The health benefits of breastfeeding are well established for children and mothers. The World Health Organization states that breastfeeding reduces infant mortality and has health benefits that are felt well into adulthood.
Exclusive breastfeeding for the first six months of life is now recommended for the entire population. Breastfeeding, combined with adequate complementary feeding is encouraged up to the age of two or more.
To enable mothers to initiate and maintain exclusive breastfeeding for six months, WHO and UNICEF recommend:
- Breastfeeding initiation within the first hour after birth;
- Exclusive breastfeeding - that is, the infant receives only breast milk and no other food or drink, not even water;
- Breastfeeding on demand - that is, as often as the child wants, day and night;
- Avoiding bottles, nipples or pacifiers during the first few weeks of life.
For the child
Breast milk is the first food given to infants. It provides all the calories and nutrients a child needs for the first six months of life. It continues to provide half or more of the nutritional requirements until the age of one. It can then meet one-third of the child's needs during the second year.
Breastfeeding promotes sensory and cognitive development and protects infants from infectious and chronic diseases. Exclusive breastfeeding reduces infant mortality from common childhood illnesses, such as diarrhea or pneumonia, and speeds up recovery from illness. Beyond its immediate benefits, breastfeeding helps to maintain a good health throughout life. There is even evidence that breastfed babies score higher on intelligence tests.
For the mother
Breastfeeding contributes to the health and well-being of mothers in many ways. Among other things, it helps space out births and reduces the risk of certain cancers. In addition, because it is free, it increases the resources of the family and the nation. It is a safe and environmentally friendly way to feed a child!
Although breastfeeding is a natural act, it is also a learned behavior. Mothers need to be actively supported to initiate and maintain proper breastfeeding practices. The support of those around them is as important as the support of health professionals. There is also evidence that the duration of breastfeeding will be greatly influenced by society's perception of the breastfeeding mother.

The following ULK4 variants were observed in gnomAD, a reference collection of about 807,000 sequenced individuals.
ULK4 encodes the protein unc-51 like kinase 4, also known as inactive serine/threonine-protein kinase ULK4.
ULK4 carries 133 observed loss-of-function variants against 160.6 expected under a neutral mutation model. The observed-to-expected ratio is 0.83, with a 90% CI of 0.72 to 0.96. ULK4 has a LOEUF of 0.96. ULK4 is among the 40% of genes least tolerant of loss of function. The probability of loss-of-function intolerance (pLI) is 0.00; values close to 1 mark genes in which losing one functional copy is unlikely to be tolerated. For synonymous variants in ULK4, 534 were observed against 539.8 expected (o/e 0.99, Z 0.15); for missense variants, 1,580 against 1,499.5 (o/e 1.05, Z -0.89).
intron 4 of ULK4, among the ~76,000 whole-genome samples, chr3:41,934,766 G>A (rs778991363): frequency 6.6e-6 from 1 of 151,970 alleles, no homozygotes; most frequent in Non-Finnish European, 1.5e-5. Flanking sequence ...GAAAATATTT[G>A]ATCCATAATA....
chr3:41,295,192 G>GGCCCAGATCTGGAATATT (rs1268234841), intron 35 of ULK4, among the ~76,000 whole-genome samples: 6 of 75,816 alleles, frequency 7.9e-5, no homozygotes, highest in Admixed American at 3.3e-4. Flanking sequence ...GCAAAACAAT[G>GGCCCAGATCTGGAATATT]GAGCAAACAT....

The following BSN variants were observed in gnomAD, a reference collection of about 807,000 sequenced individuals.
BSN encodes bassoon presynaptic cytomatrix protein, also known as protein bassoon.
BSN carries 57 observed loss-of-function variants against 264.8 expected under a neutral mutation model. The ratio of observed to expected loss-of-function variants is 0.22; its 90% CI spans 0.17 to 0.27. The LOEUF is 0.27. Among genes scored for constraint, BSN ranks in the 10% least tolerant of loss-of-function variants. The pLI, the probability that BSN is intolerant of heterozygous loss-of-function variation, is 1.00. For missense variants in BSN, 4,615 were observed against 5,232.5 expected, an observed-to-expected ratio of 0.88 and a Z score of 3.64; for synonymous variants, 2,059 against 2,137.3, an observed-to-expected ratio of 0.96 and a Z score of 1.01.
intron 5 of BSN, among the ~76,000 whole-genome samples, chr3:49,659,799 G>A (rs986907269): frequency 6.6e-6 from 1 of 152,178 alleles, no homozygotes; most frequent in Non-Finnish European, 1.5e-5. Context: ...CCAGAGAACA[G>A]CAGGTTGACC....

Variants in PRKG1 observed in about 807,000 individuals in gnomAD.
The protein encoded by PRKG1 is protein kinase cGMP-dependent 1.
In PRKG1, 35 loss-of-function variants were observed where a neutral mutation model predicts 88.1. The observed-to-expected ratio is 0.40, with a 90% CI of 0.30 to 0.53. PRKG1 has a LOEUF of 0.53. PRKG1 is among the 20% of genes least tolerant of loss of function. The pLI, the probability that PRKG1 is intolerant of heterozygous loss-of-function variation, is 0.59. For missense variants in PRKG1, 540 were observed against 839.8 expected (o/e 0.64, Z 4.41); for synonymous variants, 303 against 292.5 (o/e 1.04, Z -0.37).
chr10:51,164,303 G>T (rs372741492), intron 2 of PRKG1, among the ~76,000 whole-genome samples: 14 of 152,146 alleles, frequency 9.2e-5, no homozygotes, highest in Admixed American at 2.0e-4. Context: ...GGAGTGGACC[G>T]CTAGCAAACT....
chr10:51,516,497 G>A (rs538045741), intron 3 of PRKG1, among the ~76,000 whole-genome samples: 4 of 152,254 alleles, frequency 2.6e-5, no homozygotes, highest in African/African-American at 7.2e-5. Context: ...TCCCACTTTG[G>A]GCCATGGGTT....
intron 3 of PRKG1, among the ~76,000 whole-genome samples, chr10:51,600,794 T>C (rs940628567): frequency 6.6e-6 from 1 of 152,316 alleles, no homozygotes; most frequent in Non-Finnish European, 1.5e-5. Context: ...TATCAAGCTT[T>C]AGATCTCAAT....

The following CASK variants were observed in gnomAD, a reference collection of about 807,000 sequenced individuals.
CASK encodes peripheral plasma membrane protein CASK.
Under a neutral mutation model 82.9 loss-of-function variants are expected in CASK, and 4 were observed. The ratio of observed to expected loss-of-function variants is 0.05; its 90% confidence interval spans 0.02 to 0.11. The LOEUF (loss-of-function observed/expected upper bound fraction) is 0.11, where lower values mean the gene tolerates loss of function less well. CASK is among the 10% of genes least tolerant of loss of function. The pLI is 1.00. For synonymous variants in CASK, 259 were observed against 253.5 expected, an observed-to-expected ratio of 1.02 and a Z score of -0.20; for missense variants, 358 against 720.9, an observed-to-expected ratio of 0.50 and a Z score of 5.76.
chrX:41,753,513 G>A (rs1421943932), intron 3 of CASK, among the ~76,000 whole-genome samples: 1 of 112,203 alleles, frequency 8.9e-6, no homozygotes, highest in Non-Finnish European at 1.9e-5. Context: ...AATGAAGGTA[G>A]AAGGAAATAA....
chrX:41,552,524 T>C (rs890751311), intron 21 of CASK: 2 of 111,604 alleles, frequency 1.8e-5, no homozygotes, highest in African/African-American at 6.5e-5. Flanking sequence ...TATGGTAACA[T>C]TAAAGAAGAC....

The Code of Marketing
The International Code of Marketing of Breast-milk Substitutes was adopted in 1981 to protect the health of infants.
To encourage and protect breastfeeding by restricting aggressive marketing practices used to sell products destined for artificial feeding.
The code was drafted and adapted for several reasons:
- To create a supportive environment where breastfeeding becomes the norm again.
- To shift the focus of health care workers to other aspects of child health improvement.
- To eliminate unfair competition from multinational commercial infant formula companies.
- To return commercial infant formula to its original purpose as a food of last resort.
Items covered by the Code
Breast milk substitutes which include infant formula, follow-on milk, growing-up milk, fruit juice and herbal tea;
- Baby bottles;
- Also applies to the quality and availability of these products and information regarding their use.
Summary of the Code*
1. No promotion of breast milk substitutes (including commercial infant formula), pacifiers or bottles to the general public.
2. No free samples are distributed to pregnant women or parents.
3. No promotion of these products within the health care system (no free samples or supplies).
4. No staff paid by the manufacturers should counsel parents.
5. No gifts or personal samples are given to health care professionals.
6. No promotion of commercial baby foods, such as jarred foods, cereals, juices or bottled water is done so as not to interfere with exclusive breastfeeding.
7. Each package or label clearly states the benefits of breastfeeding and warns of the risks and costs of artificial feeding.
8. Information provided to health care professionals must be scientific and factual.
9. All products are of good quality, have a best-before date, and do not have images or text that idealize artificial feeding (e.g., no terms such as "humanized" or "maternal" are used).
10. To avoid conflicts of interest, health care professionals who work with infants and young children do not receive financial support from baby food companies (e.g., vacations, conference invitations, etc.).
*Adapted from MSSS (2001)12 and WHO, UNICEF (2009)43
ORGANISATION MONDIALE DE LA SANTÉ. « Santé de la mère, du nouveau-né, de l’enfant et de l’adolescent », dans ORGANISATION MONDIALE DE LA SANTÉ, Allaitement maternel, [En ligne](page consultée le 10 janvier 2012).
ALLAIN, Annelies et Andy CHETLEY. Protégeons la santé de nos enfants [Protecting the health of our children], Genève, IBFAN-GIFA, 2005, 74 pages.
LA LECHE LEAGUE. Le Code International sur la commercialisation des substituts du lait maternel : les points clés [The International Code of Marketing of Breast-milk Substitutes: key points], [Online] (consulted on January 10, 2013).
DIONNE Suzanne et Sylvie JETTÉ. L’allaitement maternel au Québec Lignes directrices, Québec [Guidelines on breastfeeding in Quebec], La Direction des communications du ministère de la Santé et des Services sociaux, 2001, p. 27.
ORDRE PROFESSIONNEL DES DIÉTÉTISTES DU QUÉBEC. Position de l’Ordre professionnel des diététistes du Québec pour la création d’un environnement favorable à l’allaitement maternel [Position of the Ordre professionnel des diététistes du Québec for the creation of a breastfeeding-friendly environment], Bibliothèque nationale du Québec, septembre 2012, 12 pages.